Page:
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BookBrowse Reviews We Are Not Like Them by Christine Pride, Jo Piazza

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We Are Not Like Them by Christine Pride, Jo Piazza

We Are Not Like Them

A Novel

by Christine Pride, Jo Piazza
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  • First Published:
  • Oct 5, 2021
  • Paperback:
  • Aug 2022
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A powerful story of friendship set against a backdrop of racial tension.

Newcomer Christine Pride joins veteran author Jo Piazza for We Are Not Like Them, a novel exploring friendship and race set in Philadelphia. Protagonists Riley and Jen have been friends for 30 years, since meeting in preschool and forming a near-instant bond. The two women couldn't be more different; Riley is an unmarried Black news reporter who has her eyes on the anchor chair of her local station, while Jen is a white receptionist at a dental clinic, married to a Philadelphia police officer. The pair have always considered themselves best friends, but their relationship is put to the test when Jen's husband shoots an innocent, unarmed Black teenager and Riley is chosen to cover the incident and its aftermath (an assignment she feels will bring her one step closer to her dream job).

Chapters alternate between these two first-person narrators, with each woman giving voice to her thoughts and feelings as she reacts to events transpiring around her. Although the book has an interesting plot that deals with the shooting itself, its main focus is on Riley and Jen's inner turmoil as each struggles to understand her friend's point of view. Through their eyes, readers are asked to contemplate questions about friendship and family, love and loss, racial equity and culpability for racial tension.

The authors are precise in their depictions of each character's concerns, and each woman's voice feels authentic. Jen, for example, grapples with her husband's career choice, thinking, "I will never get used to the constant, relentless fear. Every day Kevin puts on his uniform and walks out the door is a day I wonder if he's going to make it home." When Jen says a conversation isn't about race, Riley thinks, "Are you kidding me? It's always about race, Jen. That's what I wanted to scream back at her. She may have the luxury of pretending that it isn't, but I don't. Her naivete was stunning." Each woman is under extreme stress, and the tension is palpable through every page of the novel. Their anxieties and their reactions to the media storm around them are portrayed brilliantly; the two are so realistic that I found myself in complete sympathy with each, as if Jen and Riley were my own close friends.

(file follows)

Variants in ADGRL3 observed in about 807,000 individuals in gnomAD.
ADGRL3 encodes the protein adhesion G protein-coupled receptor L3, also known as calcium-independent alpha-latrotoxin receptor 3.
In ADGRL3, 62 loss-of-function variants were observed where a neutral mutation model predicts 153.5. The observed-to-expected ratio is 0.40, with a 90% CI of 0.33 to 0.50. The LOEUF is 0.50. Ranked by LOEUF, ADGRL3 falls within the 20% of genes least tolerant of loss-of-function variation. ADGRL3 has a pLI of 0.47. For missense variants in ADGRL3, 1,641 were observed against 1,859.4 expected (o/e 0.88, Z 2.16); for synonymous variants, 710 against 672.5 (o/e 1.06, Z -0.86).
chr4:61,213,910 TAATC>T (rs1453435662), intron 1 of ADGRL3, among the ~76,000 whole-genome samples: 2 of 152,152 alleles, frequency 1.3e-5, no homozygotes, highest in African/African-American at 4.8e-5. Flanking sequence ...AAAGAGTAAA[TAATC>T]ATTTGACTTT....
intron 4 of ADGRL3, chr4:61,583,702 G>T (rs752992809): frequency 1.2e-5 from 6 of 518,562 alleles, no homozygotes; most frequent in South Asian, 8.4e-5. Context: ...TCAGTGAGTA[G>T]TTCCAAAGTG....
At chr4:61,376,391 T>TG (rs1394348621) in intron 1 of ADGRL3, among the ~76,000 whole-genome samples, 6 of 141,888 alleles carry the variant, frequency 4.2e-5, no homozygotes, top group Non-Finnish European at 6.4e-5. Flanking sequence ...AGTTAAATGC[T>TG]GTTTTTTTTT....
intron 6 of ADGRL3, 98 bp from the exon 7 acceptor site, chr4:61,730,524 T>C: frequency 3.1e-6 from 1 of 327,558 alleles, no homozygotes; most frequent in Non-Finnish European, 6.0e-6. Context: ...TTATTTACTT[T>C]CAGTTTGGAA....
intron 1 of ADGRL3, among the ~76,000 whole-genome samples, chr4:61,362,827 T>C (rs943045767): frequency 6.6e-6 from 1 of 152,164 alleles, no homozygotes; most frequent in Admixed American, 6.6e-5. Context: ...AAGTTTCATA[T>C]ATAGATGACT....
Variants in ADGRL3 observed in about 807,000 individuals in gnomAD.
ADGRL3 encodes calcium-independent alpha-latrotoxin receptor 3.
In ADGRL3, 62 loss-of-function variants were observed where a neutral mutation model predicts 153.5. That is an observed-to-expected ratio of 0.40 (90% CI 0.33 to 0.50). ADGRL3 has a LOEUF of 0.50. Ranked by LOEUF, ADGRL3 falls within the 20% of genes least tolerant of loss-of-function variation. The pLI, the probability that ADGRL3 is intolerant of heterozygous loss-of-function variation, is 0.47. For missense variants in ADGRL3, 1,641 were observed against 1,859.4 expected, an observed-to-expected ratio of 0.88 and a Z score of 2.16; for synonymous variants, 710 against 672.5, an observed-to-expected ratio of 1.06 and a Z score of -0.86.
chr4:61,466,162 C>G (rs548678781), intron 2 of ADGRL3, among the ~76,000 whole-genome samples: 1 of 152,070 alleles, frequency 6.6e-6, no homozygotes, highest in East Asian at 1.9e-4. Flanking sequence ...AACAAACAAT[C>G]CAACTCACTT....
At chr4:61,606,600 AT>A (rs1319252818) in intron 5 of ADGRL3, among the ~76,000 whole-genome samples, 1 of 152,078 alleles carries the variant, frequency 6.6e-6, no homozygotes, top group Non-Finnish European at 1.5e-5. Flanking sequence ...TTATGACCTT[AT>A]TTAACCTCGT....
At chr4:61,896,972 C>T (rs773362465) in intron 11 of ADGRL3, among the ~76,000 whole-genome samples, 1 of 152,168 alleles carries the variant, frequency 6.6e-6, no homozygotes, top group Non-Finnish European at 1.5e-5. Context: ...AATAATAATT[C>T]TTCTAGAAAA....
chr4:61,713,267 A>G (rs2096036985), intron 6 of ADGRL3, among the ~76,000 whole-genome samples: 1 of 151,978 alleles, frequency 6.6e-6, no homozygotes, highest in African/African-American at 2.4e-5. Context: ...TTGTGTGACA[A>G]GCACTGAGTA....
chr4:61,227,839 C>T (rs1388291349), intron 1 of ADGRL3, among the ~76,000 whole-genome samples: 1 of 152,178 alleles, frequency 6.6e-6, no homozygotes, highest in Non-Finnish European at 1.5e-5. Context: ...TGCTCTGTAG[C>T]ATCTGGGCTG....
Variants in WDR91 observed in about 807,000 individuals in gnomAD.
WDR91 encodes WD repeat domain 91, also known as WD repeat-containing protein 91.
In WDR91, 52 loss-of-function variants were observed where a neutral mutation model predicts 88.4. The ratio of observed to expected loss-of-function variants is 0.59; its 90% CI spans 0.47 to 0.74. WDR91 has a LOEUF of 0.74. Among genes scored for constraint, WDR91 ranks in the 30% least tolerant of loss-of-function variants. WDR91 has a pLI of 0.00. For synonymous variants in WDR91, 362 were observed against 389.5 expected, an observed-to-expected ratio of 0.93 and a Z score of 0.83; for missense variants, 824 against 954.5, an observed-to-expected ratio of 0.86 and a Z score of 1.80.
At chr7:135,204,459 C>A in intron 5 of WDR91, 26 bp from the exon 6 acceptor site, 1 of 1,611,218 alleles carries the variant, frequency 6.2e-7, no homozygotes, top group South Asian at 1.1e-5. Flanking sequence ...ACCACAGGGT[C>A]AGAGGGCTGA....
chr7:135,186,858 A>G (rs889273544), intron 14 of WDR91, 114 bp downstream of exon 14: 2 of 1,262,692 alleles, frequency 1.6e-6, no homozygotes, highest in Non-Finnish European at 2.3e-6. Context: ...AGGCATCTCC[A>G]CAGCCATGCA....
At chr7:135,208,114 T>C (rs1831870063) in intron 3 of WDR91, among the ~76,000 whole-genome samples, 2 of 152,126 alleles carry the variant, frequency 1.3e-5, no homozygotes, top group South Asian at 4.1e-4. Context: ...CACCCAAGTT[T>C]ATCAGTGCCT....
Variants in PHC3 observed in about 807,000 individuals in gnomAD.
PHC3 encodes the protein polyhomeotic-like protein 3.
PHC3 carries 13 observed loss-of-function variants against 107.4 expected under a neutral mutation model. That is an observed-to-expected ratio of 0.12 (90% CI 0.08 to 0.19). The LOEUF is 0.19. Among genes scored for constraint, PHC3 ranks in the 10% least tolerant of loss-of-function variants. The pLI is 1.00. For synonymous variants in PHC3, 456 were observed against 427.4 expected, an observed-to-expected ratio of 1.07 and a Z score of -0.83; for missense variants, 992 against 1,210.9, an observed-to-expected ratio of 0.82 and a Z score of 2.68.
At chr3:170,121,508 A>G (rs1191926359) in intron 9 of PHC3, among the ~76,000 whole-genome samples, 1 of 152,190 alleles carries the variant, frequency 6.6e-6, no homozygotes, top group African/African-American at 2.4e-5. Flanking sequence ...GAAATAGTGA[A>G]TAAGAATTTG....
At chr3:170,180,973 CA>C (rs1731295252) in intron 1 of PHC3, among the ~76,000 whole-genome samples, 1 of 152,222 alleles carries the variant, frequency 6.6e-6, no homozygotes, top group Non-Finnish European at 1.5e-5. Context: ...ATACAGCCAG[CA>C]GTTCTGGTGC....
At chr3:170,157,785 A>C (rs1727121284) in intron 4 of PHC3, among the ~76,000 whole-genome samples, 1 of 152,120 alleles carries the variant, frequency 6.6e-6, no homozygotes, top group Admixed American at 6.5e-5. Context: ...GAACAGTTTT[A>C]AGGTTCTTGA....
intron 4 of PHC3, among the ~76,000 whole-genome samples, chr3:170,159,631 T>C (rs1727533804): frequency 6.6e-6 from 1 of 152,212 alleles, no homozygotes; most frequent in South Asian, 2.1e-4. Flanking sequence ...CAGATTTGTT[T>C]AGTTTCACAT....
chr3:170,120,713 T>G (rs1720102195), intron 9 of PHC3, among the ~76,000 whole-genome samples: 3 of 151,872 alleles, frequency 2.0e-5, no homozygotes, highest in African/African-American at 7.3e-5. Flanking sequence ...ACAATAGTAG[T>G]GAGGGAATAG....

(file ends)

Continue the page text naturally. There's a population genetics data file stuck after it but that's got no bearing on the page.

Pride, who is Black, and Piazza, who is white, present a relatively balanced view of how people of different races might approach a tragedy such as this one. I appreciated their nuanced portrayal of Jen, who comes across as a sweet, well-meaning person who is clueless about her friend's experiences of racism. Riley is less complex but no less compelling; the shooting and her coverage of it force racial identity to the forefront of her contemplations. She sees Jen primarily as a white person, someone who doesn't comprehend how much she's benefitted from her skin color. It's Riley's narration that lingers in the mind, particularly her descriptions of daily microaggressions she experiences (like a waiter who ignores her, incorrectly assuming Jen is the person who'll leave the tip – something Jen misses entirely). While both points of view resonated deeply with me, it was Riley's that forced me, as a white woman, to reevaluate my thoughts and actions towards people of color.

Somewhat less successful is the portrayal of the book's secondary characters, in particular Jen's family, who come across as formulaic racists with little sense of accountability or sympathy regarding the death of a young Black man. Riley's family and co-workers, too, aren't completely fleshed out. Her grandmother is better developed yet still something of a stock character — the wise woman on her deathbed. And, there's a romance between Riley and a white man toward the end of the book that brings her clarity about her friendship with Jen, but this relationship seems forced and lacks the depth of the rest of the book.

With increased awareness of the Black Lives Matter movement, many books have been released in the past couple of years about racial injustice. We Are Not Like Them is a fantastic novel for those who want to further explore the subject, as it encourages readers to think critically and consider racial issues from multiple perspectives. I highly recommend it for most audiences, teens through adults. It's also a novel I found myself eager to discuss with others; I think it would make a perfect book group selection.

Reviewed by Kim Kovacs

This review was originally published in The BookBrowse Review in January 2022, and has been updated for the December 2022 edition. Click here to go to this issue.

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